If you are anything like me, you’re sick and tired of bogus email that attempts to corrupt your computer, steal your information, compromise stuff like identity, bank information and all sorts of other nefarious deeds. As a business person you are in charged with positively impacting your clientele (or target audience), provide information through a variety of means, and recognize the importance of email, which has long been at the top of the tools list for doing so.
Every developed business depends on email for communicating directly with it’s customers, clients, prospects, or patients. It’s the one way to know the message is getting through to them. That is, it used to be.
As email continued to grow as fast as internet adoption in general, attempts were made to keep junk, spam and bogus email from clogging our inboxes. I’ll share a bit more about the first two attempts, but first, let’s get familiar with the latest and greatest.
Domain-based Message Authentication, Reporting & Conformance or DMARC is the latest attempt at securing email deliverability, and a lot of people are placing their hopes directly on it. It’s not the first time something has been enacted to keep email secure and free from phishers, fraud artists, and just plain old SPAMMERS. But it very well may be the best thus far.
What’s DMARC Supposed To Do?
DMARC is designed to identify bogus email and domain activity. It’s not designed to protect from all types of phishing or email hacking, however. Here’s some information that might help understand its role.
A DMARC policy allows a sender to indicate that their messages are protected by SPF and/or DKIM, and tells a receiver what to do if neither of those authentication methods passes – such as junk or reject the message. DMARC removes guesswork from the receiver’s handling of these failed messages, limiting or eliminating the user’s exposure to potentially fraudulent & harmful messages. DMARC also provides a way for the email receiver to report back to the sender about messages that pass and/or fail DMARC evaluation.
A domain owner who has deployed email authentication can begin using DMARC in “monitor mode” to collect data from participating receivers. As the data shows that their legitimate traffic is passing authentication checks, they can change their policy to request that failing messages be quarantined. As they grow confident that no legitimate messages are being incorrectly quarantined, they can move to a “reject” policy. – dmarc.org/overview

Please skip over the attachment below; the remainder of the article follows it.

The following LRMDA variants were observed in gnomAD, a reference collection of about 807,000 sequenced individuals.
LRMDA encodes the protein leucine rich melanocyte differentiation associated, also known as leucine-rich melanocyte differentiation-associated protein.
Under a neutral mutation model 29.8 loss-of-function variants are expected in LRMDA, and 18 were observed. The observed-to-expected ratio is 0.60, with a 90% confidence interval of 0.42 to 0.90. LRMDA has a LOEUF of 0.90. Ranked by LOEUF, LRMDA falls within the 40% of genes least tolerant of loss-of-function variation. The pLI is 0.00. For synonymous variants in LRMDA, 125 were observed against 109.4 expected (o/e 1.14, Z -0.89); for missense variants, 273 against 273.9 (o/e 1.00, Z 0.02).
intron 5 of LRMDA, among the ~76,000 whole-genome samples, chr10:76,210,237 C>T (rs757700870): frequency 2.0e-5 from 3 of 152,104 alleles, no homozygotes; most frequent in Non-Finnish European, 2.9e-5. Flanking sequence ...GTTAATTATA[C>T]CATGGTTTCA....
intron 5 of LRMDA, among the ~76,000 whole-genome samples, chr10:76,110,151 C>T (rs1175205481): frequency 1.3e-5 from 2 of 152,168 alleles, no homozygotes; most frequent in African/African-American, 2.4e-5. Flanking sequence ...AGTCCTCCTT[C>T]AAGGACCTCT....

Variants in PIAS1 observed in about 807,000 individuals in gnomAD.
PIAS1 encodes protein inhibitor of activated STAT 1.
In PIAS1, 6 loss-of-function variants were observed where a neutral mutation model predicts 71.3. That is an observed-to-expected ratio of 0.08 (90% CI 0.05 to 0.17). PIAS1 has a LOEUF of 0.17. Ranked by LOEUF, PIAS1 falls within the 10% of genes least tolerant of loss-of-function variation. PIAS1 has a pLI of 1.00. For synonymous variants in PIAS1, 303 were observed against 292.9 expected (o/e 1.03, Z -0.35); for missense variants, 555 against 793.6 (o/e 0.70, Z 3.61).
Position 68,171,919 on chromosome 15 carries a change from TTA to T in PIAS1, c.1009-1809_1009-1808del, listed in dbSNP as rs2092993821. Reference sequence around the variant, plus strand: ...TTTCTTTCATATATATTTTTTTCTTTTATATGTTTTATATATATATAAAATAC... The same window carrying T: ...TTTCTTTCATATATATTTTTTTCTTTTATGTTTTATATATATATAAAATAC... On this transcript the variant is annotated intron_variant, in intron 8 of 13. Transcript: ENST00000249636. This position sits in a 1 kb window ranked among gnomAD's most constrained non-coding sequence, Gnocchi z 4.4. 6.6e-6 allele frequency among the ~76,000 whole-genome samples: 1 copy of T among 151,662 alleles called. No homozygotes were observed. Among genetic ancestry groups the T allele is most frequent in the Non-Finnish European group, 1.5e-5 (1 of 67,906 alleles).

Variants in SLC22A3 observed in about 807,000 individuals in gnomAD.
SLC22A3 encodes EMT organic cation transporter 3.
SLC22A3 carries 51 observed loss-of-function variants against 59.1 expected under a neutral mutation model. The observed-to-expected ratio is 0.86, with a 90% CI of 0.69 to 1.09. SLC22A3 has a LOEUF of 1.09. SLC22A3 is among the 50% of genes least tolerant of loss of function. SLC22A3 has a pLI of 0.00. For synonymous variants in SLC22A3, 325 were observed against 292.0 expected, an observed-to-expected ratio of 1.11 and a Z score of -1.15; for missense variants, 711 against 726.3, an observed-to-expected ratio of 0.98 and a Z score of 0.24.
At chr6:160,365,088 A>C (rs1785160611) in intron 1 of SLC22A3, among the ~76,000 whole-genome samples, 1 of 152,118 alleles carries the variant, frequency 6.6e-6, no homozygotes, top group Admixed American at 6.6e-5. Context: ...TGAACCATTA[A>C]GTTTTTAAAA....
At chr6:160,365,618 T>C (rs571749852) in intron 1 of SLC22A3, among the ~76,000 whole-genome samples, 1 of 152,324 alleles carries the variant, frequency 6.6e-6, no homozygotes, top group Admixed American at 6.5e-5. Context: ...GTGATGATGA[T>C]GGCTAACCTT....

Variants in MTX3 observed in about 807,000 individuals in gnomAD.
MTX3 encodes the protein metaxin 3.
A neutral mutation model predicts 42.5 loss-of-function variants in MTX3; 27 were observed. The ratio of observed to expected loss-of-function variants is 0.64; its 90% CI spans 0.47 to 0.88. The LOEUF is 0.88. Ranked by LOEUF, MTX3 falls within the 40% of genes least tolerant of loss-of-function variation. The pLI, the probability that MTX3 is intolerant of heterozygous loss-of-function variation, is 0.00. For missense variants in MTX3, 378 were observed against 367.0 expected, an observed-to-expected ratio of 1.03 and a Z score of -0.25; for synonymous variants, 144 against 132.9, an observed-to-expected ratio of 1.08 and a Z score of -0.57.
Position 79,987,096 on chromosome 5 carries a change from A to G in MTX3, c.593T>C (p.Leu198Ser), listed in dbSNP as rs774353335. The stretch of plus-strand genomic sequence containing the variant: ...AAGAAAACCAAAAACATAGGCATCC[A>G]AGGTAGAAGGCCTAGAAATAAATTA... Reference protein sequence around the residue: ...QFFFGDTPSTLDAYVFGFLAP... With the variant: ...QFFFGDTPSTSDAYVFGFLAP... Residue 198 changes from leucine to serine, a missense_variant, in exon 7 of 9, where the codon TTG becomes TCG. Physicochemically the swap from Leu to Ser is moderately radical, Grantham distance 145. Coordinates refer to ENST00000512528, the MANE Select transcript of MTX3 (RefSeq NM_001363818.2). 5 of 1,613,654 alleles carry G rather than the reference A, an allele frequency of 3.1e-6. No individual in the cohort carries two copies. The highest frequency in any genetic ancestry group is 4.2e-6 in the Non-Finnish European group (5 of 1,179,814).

Image Credit: DMARC.org
What is SPF and DKIM?
First, there was SPF, the Sender Policy Framework. This undertaking created volunteers headed up by Meng Weng Wong in 2003. This group has spent untold thousands of hours trying to stem the tide of email fraud, phishing, hijacking of domains, and all sorts of mayhem and has successfully authored several proposed sender authentication protocols.
But is it truly effective? Sadly no, SPF does not completely stop email spoofing. At best it makes things more difficult on an attacker. SPF works by checking for an SPF record at the domain in the mail-from data in the SMTP transaction. It does not the message-from header that the receiving mail client sees.
This means that an attacker can use SMTP headers to direct the target’s mail server to merely check a domain under control by the attacker, simply by using an authorizing mechanism for the mail server the attacker is using, while spoofing a completely different domain for the target to see in the message-from header (enough tech-speak as this get tedious to write and to read).
While this initiative was taking place, other new ways to thwart bogus email was happening all around the globe. Another method of attempting putting a block on illegal email activity was the founding of DKIM.org, a means by which to control emails in transmission. “DomainKeys Identified Mail” basically provides some level of trust upon the sender or intermediary so as to avoid all of the negativity wrongdoers can wreak upon email senders and recipients. DKIM basically applies cryptographic tagging to ensure the sender is legitimate, that the email address and domain have not been hijacked, and that the emails can be trusted.
Ode to Bogus Email
Given the state of almost everyone’s inbox these days it is not difficult to assess the effectiveness of these early attempts to clean up email delivery and address fraudulent email practices. No one is completely immune from SPAM, fraudulent emails, phishing attempts, and who knows what else will be heading our way. And the energy, effort, and creativity exhibited by the “bad guys” is dauntless. But, DMARC seems to be the evolution of better control over email delivery and safety.
The links contained throughout this article provide a much deeper explanation of how those in the know are doing what may be done to slow the invasion of bad stuff via email. Will the third time be the charm? Only time will tell.